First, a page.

In the 1970s, legal crusaders like Ralph Nader, famous for exposing the safety hazards of General Motors cars, filed class action suits to fill the vacuum created by the collapse of social science. The NAACP, the American Civil Liberties Union, the Legal Services Corporation, or one of the many “Naderite” public interest law firms was as likely to sue government on behalf of aggrieved minorities as to defend it. Liberalism became increasingly associated not with a broad majoritarian politics but with a court-imposed politics, whether dealing with racial and gender quotas or with pollution control standards.

Legal reformers initiated what, in regulatory terms, was almost a second New Deal between 1964 and 1977. Ten new regulatory agencies were created. Regulatory battles over everything from product safety to energy conservation took the shape of class conflict but–fatally for post-New Deal liberalism–without mass support. Without that support, the new liberalism, an alliance of lawyers and other professionals with minorities, was politically vulnerable.

The decoupling of liberalism and populism is still hurting us now.

Ezra continues(emphasis added),

An early template came last November in The Weekly Standard, which featured an article by Ross Douthat and Reihan Salam arguing that the GOP is “an increasingly working-class party, dependent for its power on supermajorities of the white working-class vote, and a party whose constituents are surprisingly comfortable with bad-but-popular liberal ideas like raising the minimum wage, expanding clumsy environmental regulations, or hiking taxes on the wealthy to fund a health-care entitlement.” They identified a new breed of “Sam’s Club Republicans” and urged GOP politicians to take the economic fears and anxieties of their constituents seriously. Doing so “would mean matching the culture-war rhetoric of family values with an economic policy that places the two-parent family … at the heart of the GOP agenda.” They even admitted that such a program would “begin with the recognition of a frequent left-wing talking point — that over the past few decades, returns to capital have escalated while returns to labor have declined, and that the result has been increasing economic insecurity for members of the working and middle classes.”

There is both peril and opportunity here, for both parties. It’s hard to imagine the GOP making a genuine effort to help the working class without alienating the other factions that support it. On the other hand, in the minds of white middle class voters the Democrats still are the party of the poor and minorities, not them. Ezra concludes,

For Democrats, being boxed in as the Party of the Poor while the GOP assumes the mantle of the family is an electoral nightmare. A conservative progressivism primarily for the middle class and discriminating against the underclass, while less just, will be politically potent, promising downscale whites all the benefits of redistribution without all the subsidization of urban blacks. Call it the rise of the Republicrats. Call it a disaster.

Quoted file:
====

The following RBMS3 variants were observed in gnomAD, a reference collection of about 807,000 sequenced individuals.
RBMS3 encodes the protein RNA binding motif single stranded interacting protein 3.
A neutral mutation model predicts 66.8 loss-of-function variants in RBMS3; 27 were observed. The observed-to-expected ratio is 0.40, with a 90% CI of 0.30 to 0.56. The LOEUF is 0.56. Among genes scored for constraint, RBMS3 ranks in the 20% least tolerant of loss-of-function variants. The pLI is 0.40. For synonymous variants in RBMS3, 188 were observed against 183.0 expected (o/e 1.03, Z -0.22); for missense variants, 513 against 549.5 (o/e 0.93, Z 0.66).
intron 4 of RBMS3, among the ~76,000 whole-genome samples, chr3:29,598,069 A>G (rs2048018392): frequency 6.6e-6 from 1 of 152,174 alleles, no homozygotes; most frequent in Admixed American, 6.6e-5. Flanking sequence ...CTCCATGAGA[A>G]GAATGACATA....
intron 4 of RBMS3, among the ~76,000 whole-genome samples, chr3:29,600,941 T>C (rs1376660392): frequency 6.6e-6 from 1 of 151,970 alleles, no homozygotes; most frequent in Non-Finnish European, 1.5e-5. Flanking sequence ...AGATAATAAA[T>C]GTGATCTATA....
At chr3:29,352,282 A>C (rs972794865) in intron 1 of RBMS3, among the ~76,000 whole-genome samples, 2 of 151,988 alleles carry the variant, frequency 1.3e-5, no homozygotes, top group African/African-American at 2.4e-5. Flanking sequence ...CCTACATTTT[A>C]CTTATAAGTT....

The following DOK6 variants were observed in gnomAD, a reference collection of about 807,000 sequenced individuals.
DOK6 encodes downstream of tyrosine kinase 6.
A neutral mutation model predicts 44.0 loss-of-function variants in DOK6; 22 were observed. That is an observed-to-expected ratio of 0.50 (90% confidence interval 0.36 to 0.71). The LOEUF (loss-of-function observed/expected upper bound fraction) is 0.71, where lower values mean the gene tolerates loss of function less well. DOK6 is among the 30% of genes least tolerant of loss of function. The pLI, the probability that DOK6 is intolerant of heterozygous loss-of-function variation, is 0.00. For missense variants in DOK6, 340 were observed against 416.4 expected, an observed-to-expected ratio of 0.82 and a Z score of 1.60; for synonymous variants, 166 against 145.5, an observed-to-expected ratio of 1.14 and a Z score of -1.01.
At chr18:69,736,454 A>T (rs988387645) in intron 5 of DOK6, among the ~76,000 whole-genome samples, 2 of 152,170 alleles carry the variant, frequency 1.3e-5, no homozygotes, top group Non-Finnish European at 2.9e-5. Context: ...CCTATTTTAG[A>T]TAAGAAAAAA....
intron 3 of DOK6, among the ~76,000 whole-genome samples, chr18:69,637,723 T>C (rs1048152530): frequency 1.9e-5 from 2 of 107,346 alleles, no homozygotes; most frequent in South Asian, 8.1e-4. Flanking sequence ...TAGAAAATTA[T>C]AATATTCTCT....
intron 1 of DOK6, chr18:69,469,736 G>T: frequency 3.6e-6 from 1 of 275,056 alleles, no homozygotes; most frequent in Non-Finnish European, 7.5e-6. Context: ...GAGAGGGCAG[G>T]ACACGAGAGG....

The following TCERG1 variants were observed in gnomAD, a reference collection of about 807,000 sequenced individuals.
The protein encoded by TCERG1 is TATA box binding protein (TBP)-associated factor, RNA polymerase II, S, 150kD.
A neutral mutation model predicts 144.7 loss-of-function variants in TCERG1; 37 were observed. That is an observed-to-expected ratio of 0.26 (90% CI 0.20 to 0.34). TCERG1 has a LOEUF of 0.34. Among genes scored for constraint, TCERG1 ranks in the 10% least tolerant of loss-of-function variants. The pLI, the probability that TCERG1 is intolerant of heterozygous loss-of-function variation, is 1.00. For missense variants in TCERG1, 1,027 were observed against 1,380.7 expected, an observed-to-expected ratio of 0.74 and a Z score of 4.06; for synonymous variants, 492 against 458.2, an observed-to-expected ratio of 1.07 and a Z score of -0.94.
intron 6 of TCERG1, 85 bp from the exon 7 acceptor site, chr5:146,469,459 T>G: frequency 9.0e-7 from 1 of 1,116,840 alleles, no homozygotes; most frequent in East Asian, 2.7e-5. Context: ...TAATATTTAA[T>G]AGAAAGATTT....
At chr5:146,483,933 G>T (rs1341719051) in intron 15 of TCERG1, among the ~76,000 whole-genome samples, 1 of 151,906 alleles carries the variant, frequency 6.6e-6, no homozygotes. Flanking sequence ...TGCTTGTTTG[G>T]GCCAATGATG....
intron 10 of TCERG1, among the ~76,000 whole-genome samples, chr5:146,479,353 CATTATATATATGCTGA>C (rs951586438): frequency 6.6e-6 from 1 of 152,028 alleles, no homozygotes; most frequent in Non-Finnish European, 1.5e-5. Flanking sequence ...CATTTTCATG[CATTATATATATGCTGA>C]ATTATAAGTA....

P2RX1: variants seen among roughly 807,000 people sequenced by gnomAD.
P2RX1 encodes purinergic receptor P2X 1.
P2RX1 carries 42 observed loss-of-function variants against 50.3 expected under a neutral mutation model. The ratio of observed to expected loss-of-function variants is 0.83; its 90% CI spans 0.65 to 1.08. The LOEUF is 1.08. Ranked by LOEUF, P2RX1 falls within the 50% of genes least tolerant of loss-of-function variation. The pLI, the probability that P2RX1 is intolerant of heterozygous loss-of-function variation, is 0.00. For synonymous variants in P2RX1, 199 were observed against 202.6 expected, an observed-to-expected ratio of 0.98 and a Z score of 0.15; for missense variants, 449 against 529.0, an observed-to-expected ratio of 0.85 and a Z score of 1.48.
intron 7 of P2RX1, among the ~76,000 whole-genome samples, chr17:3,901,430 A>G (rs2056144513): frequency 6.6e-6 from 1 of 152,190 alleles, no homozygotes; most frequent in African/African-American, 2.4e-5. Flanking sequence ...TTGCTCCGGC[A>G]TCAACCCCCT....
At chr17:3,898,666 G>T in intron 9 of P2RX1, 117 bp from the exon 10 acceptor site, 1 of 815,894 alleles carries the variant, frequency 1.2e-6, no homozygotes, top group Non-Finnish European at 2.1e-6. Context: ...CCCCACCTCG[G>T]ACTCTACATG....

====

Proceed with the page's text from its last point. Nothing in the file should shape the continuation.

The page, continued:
For another perspective on where liberalism went wrong, see yesterday’s E.J. Dionne column — “A Wrong Turn Led to the ‘L-Word‘” Dionne argues that liberals gained a reputation for being elitist snots because of the influence of historian Richard Hofstadter.

David S. Brown’s “Richard Hofstadter: An Intellectual Biography” offers us the life of one of our country’s most revered historians. Hofstadter, the author of such enduringly popular works as “The American Political Tradition” and “The Age of Reform,” shaped modern liberalism in ways that we must still grapple with today. …

… Hofstadter may have misled the very liberal movement to which he was devoted. There was, first, his emphasis on American populists as embodying a “deeply ingrained provincialism” (Brown’s term) whose revolt was as much a reaction to the rise of the cosmopolitan big city as to economic injustices.

Many progressives and reformers, he argued, represented an old Anglo-Saxon middle class who suffered from “status anxiety” in reaction to the rise of a vulgar new business elite. Hofstadter analyzed the right wing of the 1950s and early 1960s in similar terms. Psychological disorientation and social displacement became more important than ideas or interests.

Now, Hofstadter was exciting precisely because he brilliantly revised accepted and sometimes pious views of what the populists and progressives were about. But there was something dismissive about Hofstadter’s analysis that blinded liberals to the legitimate grievances of the populists, the progressives and, yes, the right wing.

The late Christopher Lasch, one of Hofstadter’s students and an admiring critic, noted that by conducting “political criticism in psychiatric categories,” Hofstadter and his intellectual allies excused themselves “from the difficult work of judgment and argumentation.”

Lasch added archly: “Instead of arguing with opponents, they simply dismissed them on psychiatric grounds.”

This was, I believe, a wrong turn for liberalism. It was a mistake to tear liberalism from its populist roots and to emphasize the irrational element of popular movements almost to the exclusion of their own self-understanding. FDR, whom Hofstadter admired, always understood the need to marry the urban (and urbane) forms of liberalism to the traditions of reform and popular protest.

Hmm. Dionne makes a persuasive argument, but I think there’s more to this story.

Blogger Todd Mitchell discusses Hofstadter’s 1962 book Anti-Intellectualism in American Life, beginning with a quote from a New York Times book review by Sam Tanenhouse: